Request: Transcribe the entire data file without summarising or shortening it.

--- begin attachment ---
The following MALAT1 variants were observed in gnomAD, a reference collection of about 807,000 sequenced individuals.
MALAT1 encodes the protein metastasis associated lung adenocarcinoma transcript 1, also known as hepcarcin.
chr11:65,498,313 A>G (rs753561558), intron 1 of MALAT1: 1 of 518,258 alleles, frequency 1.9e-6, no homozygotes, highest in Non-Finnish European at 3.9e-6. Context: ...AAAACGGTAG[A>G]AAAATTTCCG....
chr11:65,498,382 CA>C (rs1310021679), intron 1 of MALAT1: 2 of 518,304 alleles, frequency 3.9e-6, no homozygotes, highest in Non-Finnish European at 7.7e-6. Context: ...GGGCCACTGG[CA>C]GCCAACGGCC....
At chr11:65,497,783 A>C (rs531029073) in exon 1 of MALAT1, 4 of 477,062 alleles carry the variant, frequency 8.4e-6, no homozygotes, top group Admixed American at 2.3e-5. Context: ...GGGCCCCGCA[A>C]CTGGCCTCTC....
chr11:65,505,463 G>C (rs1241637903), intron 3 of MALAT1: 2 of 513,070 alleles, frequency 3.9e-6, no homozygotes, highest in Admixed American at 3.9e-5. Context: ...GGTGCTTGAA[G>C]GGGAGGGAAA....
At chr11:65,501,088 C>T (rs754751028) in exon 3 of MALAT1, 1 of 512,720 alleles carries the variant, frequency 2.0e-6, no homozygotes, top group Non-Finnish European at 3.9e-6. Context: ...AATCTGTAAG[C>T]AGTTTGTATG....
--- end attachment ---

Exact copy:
The following MALAT1 variants were observed in gnomAD, a reference collection of about 807,000 sequenced individuals.
MALAT1 encodes the protein metastasis associated lung adenocarcinoma transcript 1, also known as hepcarcin.
chr11:65,498,313 A>G (rs753561558), intron 1 of MALAT1: 1 of 518,258 alleles, frequency 1.9e-6, no homozygotes, highest in Non-Finnish European at 3.9e-6. Context: ...AAAACGGTAG[A>G]AAAATTTCCG....
chr11:65,498,382 CA>C (rs1310021679), intron 1 of MALAT1: 2 of 518,304 alleles, frequency 3.9e-6, no homozygotes, highest in Non-Finnish European at 7.7e-6. Context: ...GGGCCACTGG[CA>C]GCCAACGGCC....
At chr11:65,497,783 A>C (rs531029073) in exon 1 of MALAT1, 4 of 477,062 alleles carry the variant, frequency 8.4e-6, no homozygotes, top group Admixed American at 2.3e-5. Context: ...GGGCCCCGCA[A>C]CTGGCCTCTC....
chr11:65,505,463 G>C (rs1241637903), intron 3 of MALAT1: 2 of 513,070 alleles, frequency 3.9e-6, no homozygotes, highest in Admixed American at 3.9e-5. Context: ...GGTGCTTGAA[G>C]GGGAGGGAAA....
At chr11:65,501,088 C>T (rs754751028) in exon 3 of MALAT1, 1 of 512,720 alleles carries the variant, frequency 2.0e-6, no homozygotes, top group Non-Finnish European at 3.9e-6. Context: ...AATCTGTAAG[C>T]AGTTTGTATG....